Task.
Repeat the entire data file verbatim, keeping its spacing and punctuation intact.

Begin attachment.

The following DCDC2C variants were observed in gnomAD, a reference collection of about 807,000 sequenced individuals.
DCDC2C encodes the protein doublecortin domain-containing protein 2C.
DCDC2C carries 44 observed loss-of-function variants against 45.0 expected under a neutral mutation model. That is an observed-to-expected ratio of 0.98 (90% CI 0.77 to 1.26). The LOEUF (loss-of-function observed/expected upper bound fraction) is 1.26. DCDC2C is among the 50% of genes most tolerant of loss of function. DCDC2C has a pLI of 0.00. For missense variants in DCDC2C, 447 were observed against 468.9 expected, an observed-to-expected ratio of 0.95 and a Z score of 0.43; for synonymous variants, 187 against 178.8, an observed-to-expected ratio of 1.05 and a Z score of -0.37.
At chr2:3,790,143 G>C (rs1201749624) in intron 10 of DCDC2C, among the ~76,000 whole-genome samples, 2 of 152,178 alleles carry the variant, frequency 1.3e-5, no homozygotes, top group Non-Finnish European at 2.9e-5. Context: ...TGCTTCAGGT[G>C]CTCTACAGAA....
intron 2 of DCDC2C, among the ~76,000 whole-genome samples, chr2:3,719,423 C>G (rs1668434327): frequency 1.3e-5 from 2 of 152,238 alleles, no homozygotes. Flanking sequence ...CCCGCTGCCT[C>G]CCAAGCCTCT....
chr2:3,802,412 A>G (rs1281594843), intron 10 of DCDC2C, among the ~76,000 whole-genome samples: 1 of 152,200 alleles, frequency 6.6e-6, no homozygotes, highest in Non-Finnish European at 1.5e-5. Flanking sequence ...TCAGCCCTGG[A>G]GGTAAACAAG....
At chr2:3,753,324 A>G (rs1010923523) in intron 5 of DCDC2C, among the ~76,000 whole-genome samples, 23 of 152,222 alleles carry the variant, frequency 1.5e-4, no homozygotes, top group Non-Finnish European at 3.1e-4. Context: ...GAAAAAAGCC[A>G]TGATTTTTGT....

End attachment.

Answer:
The following DCDC2C variants were observed in gnomAD, a reference collection of about 807,000 sequenced individuals.
DCDC2C encodes the protein doublecortin domain-containing protein 2C.
DCDC2C carries 44 observed loss-of-function variants against 45.0 expected under a neutral mutation model. That is an observed-to-expected ratio of 0.98 (90% CI 0.77 to 1.26). The LOEUF (loss-of-function observed/expected upper bound fraction) is 1.26. DCDC2C is among the 50% of genes most tolerant of loss of function. DCDC2C has a pLI of 0.00. For missense variants in DCDC2C, 447 were observed against 468.9 expected, an observed-to-expected ratio of 0.95 and a Z score of 0.43; for synonymous variants, 187 against 178.8, an observed-to-expected ratio of 1.05 and a Z score of -0.37.
At chr2:3,790,143 G>C (rs1201749624) in intron 10 of DCDC2C, among the ~76,000 whole-genome samples, 2 of 152,178 alleles carry the variant, frequency 1.3e-5, no homozygotes, top group Non-Finnish European at 2.9e-5. Context: ...TGCTTCAGGT[G>C]CTCTACAGAA....
intron 2 of DCDC2C, among the ~76,000 whole-genome samples, chr2:3,719,423 C>G (rs1668434327): frequency 1.3e-5 from 2 of 152,238 alleles, no homozygotes. Flanking sequence ...CCCGCTGCCT[C>G]CCAAGCCTCT....
chr2:3,802,412 A>G (rs1281594843), intron 10 of DCDC2C, among the ~76,000 whole-genome samples: 1 of 152,200 alleles, frequency 6.6e-6, no homozygotes, highest in Non-Finnish European at 1.5e-5. Flanking sequence ...TCAGCCCTGG[A>G]GGTAAACAAG....
At chr2:3,753,324 A>G (rs1010923523) in intron 5 of DCDC2C, among the ~76,000 whole-genome samples, 23 of 152,222 alleles carry the variant, frequency 1.5e-4, no homozygotes, top group Non-Finnish European at 3.1e-4. Context: ...GAAAAAAGCC[A>G]TGATTTTTGT....